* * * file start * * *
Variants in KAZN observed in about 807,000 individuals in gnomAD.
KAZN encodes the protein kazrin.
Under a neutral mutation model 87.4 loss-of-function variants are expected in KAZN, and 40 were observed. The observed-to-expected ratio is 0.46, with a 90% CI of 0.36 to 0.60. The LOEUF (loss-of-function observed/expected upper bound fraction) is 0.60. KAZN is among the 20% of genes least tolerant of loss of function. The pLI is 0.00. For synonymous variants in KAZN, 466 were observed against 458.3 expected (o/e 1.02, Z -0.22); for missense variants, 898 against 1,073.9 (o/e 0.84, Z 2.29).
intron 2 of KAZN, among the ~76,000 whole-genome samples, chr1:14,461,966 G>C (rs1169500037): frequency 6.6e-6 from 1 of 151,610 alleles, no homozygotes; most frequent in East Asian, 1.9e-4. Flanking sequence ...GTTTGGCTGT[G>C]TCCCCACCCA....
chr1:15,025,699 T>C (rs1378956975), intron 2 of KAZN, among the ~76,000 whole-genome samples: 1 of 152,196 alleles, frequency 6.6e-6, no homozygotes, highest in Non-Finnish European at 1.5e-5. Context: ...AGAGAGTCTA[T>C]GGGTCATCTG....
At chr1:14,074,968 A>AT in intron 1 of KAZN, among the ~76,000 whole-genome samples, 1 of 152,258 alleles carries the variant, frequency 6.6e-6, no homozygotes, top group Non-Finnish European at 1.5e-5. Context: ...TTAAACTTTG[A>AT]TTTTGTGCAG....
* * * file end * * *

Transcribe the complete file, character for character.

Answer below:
Variants in KAZN observed in about 807,000 individuals in gnomAD.
KAZN encodes the protein kazrin.
Under a neutral mutation model 87.4 loss-of-function variants are expected in KAZN, and 40 were observed. The observed-to-expected ratio is 0.46, with a 90% CI of 0.36 to 0.60. The LOEUF (loss-of-function observed/expected upper bound fraction) is 0.60. KAZN is among the 20% of genes least tolerant of loss of function. The pLI is 0.00. For synonymous variants in KAZN, 466 were observed against 458.3 expected (o/e 1.02, Z -0.22); for missense variants, 898 against 1,073.9 (o/e 0.84, Z 2.29).
intron 2 of KAZN, among the ~76,000 whole-genome samples, chr1:14,461,966 G>C (rs1169500037): frequency 6.6e-6 from 1 of 151,610 alleles, no homozygotes; most frequent in East Asian, 1.9e-4. Flanking sequence ...GTTTGGCTGT[G>C]TCCCCACCCA....
chr1:15,025,699 T>C (rs1378956975), intron 2 of KAZN, among the ~76,000 whole-genome samples: 1 of 152,196 alleles, frequency 6.6e-6, no homozygotes, highest in Non-Finnish European at 1.5e-5. Context: ...AGAGAGTCTA[T>C]GGGTCATCTG....
At chr1:14,074,968 A>AT in intron 1 of KAZN, among the ~76,000 whole-genome samples, 1 of 152,258 alleles carries the variant, frequency 6.6e-6, no homozygotes, top group Non-Finnish European at 1.5e-5. Context: ...TTAAACTTTG[A>AT]TTTTGTGCAG....